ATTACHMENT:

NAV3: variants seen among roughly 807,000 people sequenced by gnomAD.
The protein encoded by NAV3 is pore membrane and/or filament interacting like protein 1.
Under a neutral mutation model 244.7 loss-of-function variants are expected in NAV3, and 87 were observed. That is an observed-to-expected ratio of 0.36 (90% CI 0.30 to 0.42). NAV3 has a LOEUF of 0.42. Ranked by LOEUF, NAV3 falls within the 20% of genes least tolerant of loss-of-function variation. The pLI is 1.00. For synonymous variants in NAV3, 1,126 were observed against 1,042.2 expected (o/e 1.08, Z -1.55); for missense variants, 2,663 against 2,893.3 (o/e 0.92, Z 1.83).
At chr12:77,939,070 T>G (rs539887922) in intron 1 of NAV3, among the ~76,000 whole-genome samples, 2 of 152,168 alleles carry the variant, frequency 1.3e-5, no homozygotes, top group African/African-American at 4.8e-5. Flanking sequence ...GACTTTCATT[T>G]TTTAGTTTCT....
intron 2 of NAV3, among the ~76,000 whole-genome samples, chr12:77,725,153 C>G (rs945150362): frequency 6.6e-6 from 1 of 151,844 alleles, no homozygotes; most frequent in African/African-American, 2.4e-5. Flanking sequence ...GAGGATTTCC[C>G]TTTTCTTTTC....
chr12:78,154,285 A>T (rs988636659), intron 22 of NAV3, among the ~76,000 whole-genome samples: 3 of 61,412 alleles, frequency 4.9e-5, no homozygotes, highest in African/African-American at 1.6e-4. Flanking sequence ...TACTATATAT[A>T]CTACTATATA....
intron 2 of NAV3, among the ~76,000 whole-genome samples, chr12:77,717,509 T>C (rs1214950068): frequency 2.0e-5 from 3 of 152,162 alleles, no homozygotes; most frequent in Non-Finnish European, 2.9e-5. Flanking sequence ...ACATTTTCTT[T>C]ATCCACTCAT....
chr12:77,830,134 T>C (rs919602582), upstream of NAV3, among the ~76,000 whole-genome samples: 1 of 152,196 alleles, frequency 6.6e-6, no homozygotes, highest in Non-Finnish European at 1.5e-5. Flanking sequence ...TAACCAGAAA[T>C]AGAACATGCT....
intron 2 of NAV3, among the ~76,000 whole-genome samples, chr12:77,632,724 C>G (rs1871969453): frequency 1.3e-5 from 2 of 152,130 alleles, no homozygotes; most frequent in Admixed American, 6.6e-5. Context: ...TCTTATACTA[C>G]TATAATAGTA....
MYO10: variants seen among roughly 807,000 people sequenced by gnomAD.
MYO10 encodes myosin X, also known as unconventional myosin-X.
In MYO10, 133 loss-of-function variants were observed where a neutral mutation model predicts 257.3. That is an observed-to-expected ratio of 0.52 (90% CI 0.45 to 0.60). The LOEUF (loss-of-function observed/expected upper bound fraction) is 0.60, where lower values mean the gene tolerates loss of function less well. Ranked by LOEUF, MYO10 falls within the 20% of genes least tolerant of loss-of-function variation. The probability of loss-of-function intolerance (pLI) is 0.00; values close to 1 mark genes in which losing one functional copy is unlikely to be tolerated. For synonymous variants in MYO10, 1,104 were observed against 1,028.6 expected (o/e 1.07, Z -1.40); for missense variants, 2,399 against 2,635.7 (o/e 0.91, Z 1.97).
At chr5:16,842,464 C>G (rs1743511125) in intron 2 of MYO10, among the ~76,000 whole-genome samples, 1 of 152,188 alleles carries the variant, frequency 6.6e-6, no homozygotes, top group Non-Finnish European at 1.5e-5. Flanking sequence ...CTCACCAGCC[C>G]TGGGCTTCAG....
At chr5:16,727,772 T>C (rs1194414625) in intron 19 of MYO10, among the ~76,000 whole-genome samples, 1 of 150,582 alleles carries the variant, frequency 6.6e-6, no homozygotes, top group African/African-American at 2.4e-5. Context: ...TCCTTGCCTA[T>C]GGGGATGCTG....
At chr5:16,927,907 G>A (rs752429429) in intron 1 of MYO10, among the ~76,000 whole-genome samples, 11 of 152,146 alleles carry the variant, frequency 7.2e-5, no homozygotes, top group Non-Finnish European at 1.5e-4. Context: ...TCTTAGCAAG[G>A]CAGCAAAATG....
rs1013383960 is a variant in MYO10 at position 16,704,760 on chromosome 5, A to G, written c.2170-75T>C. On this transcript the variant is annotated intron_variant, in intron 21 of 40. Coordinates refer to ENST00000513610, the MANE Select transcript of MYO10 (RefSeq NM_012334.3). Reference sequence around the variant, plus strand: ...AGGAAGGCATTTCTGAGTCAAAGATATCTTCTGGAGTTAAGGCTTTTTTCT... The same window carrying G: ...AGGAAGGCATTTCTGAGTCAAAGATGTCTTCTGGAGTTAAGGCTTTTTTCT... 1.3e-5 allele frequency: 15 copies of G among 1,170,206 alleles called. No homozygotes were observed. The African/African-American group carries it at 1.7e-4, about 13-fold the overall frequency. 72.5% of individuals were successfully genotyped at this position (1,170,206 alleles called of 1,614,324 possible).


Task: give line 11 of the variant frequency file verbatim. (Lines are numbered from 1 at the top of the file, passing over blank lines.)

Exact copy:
MYO10 encodes myosin X, also known as unconventional myosin-X.